A small group of retired priests and a much larger groups of former priests are publicly opposing the Church’s stance on gay marriage.
This occurs in light of a major effort by Archbishop Nienstedt to ensure that Catholic voters vote to protect trraditional marriage.
Minnesota Public radio reports:
Catholics are not united behind the church’s official position, a point made clear today, when a group representing 80 former Catholic priests spoke out against the marriage amendment. They said the amendment violates Christian principles of love and justice.
Also coming forward to oppose the amendment were John Brandes, Tom Garvey and Tim Power, three retired priests who are still part of the church. They also came forward to oppose the amendment, putting them on a collision course with John C. Nienstedt, the Archbishop of St. Paul and Minneapolis, who last year informed all priests that they could not publicly dissent.
Catholic bishops have made passage of the amendment a top political priority this year, even though Minnesota law already prohibits gay marriage. Proponents of the amendment say it is needed to block a Hennepin County court case that seeks to overturn state law and numerous attempts by Democratic state legislators to legalize gay marriage.
In a letter submitted to the Star Tribune, titled “Catholics of Minnesota you have a choice!” they wrote, “There is not just one way for Catholics to vote in November.”
Their letter describes gays and lesbians as brothers and sisters in Christ, who need allies.
Brandes, 85, served in the Archdiocese of St. Paul and Minneapolis for 61 years, including time at the Cathedral of St. Paul, St. Rita’s in Cottage Grove and St. Mark’s in St. Paul. Brandes said he and the two other retired priests want to be respectful of those who hold other views, and at the same time encourage dialogue about the diversity of Catholic views.
Garvey, ordained in 1957, served the Archdiocese for 40 years including at St. Luke’s in St. Paul and St. Frances Cabrini in Minneapolis. He said his views on homosexuality changed decades ago after he watched an interview with a lesbian woman who described how she was different. “She began to cry convulsively and I said, ‘We’ve got the wrong position on this,’ ” Garvey recalled.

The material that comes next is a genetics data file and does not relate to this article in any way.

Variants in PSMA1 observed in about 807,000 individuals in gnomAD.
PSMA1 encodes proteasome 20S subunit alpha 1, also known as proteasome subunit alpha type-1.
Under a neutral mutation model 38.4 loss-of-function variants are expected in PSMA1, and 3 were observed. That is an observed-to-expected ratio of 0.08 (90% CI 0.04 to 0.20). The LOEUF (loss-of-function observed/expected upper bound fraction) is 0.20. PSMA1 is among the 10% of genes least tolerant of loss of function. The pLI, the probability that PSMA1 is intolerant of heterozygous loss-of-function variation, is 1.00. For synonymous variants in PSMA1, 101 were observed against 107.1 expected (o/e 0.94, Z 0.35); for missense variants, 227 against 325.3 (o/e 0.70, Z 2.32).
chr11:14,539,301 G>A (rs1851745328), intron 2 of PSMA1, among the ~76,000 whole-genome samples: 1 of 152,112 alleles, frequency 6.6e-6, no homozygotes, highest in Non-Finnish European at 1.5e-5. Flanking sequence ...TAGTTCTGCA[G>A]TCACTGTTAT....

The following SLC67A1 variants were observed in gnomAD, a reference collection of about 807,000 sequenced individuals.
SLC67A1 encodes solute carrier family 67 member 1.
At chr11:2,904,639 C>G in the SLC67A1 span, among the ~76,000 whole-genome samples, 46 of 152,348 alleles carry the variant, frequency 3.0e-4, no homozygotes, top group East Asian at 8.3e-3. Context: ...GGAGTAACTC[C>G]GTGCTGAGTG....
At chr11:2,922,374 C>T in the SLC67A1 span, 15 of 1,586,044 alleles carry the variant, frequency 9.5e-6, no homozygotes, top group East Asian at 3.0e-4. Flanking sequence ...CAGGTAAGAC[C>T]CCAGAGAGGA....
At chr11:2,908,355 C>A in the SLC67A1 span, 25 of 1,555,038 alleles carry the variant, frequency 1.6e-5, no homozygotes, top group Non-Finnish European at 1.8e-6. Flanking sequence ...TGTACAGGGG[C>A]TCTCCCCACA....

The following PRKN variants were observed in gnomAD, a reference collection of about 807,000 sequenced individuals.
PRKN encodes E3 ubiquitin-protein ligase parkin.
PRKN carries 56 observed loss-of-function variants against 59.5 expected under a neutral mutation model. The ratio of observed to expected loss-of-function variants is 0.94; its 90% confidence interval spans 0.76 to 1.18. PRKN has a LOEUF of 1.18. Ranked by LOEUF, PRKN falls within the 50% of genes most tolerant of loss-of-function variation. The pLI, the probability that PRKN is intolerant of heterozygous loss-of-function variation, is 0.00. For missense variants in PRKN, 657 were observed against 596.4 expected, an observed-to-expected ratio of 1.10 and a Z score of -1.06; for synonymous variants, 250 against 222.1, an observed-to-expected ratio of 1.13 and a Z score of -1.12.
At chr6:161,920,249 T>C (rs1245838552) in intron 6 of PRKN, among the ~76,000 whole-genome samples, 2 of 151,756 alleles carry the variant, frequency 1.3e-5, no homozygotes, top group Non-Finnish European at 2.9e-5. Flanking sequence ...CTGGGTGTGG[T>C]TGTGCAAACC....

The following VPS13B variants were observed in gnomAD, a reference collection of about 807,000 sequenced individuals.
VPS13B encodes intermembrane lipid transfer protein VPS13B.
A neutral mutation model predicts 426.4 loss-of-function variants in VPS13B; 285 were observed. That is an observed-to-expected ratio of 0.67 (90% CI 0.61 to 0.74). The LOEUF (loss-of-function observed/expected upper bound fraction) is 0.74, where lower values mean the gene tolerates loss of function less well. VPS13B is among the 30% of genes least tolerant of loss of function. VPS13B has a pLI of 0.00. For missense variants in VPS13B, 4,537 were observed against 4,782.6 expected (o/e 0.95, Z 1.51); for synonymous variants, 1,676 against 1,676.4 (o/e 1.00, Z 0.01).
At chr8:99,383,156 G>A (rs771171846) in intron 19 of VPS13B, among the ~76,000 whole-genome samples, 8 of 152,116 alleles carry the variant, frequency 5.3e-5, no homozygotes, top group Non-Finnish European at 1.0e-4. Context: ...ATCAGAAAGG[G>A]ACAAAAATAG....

Power, ordained in 1966, served at St. Thomas the Apostle in Minneapolis and St. Timothy’s in Blaine before retiring after 24 years at Pax Christie in Eden Prairie. Power calls their letter “a small counterbalance” to the Church’s official position on the amendment.
Power said he was compelled to speak out by the collective silence of other priests.
“People [were] saying to me, ‘Where is the voice of the priests that believe the way we do? They can’t all believe the party line,’ “he said. “And I’m thinking too, ‘Yeah, where are they?’ That’s us.”
The one priest said he changed his mind on the issue because he saw a video with a woman crying. He reportedly said his views on homosexuality changed after he watched an interview with a lesbian woman who described how she was different. “She began to cry convulsively and I said, ‘We’ve got the wrong position on this,’ ” Garvey recalled.
Well, at least it was an intellectually based decision.